DAUK attends GMC commissioned review into Gross Negligence Manslaughter and Culpable Homicide

DAUK attends GMC commissioned review into Gross Negligence Manslaughter and Culpable Homicide

DAUK’s treasurer Dr Rinesh Parmar attended a workshop into gross negligence manslaughter (GNM) and culpable homicide commissioned by the General Medical Council (GMC). The review, previously led by Dame Clare Marx and now by eminent Cardiac Surgeon Mr Leslie Hamilton comes in the wake of the Dr Bawa-Garba case which in may aspects served as a lightning rod for the profession. The workshops, held as part of a series in England and Scotland seek to involve key stakeholders such as doctors of all grade, defence organisations and patient groups. We have maintained that the GMC plays a vital role in moving healthcare in the UK towards a just culture. Our central campaign ‘Learn not Blame’ seeks to unite doctors, healthcare professions and patient advocates who understand the vital importance of a learning culture in healthcare as a means of preventing future harm.

Earlier this year DAUK produced a comprehensive written submission to the review, highlighting the need for a series of changes to how critical incidents are managed within the NHS. Our recommendations to the review included:

  1. A higher bar for the Crown Prosecution Service to consider pursuing a prosecution for Gross Negligence Manslaughter

  2. The law on gross negligence manslaughter be urgently reformed with a legal test for GNM related to healthcare to include actions of being “wilful or reckless” and system failures considered as mitigation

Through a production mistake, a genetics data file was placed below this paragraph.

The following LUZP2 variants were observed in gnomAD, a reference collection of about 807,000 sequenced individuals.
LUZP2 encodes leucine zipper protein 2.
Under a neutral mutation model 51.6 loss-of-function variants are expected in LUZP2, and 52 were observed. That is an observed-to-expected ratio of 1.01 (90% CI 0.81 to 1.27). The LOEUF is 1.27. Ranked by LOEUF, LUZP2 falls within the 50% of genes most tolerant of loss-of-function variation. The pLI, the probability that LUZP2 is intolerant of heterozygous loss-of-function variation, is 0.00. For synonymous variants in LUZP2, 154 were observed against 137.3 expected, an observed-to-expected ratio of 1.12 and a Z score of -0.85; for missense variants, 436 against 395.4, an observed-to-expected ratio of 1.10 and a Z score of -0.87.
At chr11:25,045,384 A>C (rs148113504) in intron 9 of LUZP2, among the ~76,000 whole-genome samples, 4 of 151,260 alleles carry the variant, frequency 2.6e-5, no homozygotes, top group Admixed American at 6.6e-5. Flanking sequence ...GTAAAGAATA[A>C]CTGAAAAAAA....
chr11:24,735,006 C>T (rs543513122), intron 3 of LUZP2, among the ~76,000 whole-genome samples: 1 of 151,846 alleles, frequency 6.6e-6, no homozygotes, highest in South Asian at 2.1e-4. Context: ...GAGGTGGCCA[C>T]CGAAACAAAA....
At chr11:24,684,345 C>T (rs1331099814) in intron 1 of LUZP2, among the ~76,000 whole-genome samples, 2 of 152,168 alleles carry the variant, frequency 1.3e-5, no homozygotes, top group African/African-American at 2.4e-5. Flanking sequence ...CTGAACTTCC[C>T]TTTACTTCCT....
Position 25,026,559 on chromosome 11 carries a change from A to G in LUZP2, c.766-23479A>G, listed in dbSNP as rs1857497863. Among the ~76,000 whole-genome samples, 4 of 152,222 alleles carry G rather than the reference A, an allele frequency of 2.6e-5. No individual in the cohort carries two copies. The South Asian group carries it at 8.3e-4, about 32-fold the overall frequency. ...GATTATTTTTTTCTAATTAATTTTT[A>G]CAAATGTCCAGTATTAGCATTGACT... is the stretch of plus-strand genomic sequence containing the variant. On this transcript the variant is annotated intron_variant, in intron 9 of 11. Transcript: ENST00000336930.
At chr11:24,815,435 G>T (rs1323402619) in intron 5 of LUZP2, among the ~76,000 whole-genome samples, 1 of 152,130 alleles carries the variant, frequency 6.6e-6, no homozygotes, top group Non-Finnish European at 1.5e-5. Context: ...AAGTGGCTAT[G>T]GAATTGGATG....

3. Appropriate training in human factors for all investigators. This would involve local investigators as well as prosecutors and medical expert witnesses.

  4. Formal appraisal of medical expert witnesses under the governance of the Medical Royal Colleges

  5. Written reflections undertaken by doctors for the purposes of education or training be subject to legal privilege

  6. An amendment to Section 35A (1A) of the Medical Act 1983 that currently allows the GMC to compel doctors and organisations to disclose written reflections for fitness to practice hearings

  7. Repeal of Section 40A of the Medical Act that allows the GMC to appeal MPTS verdicts in keeping with the recommendations of the government commissioned Williams rapid review

  8. Assurance from the Department of Health and Social Care that Parliament will not grant the GMC the power of automatic erasure for the offence of GNM

  9. The GMC commissions a comprehensive independent review into the unacceptable high rates of BAME doctors referred and undergoing fitness to practice investigations.

  10. The GMC addresses how it has become weaponised where threats of referral are made to deter and silence patient safety concerns

  11. The GMC launches a formal review of its processes and how these are linked with the unacceptable number of doctor suicides whilst under investigation.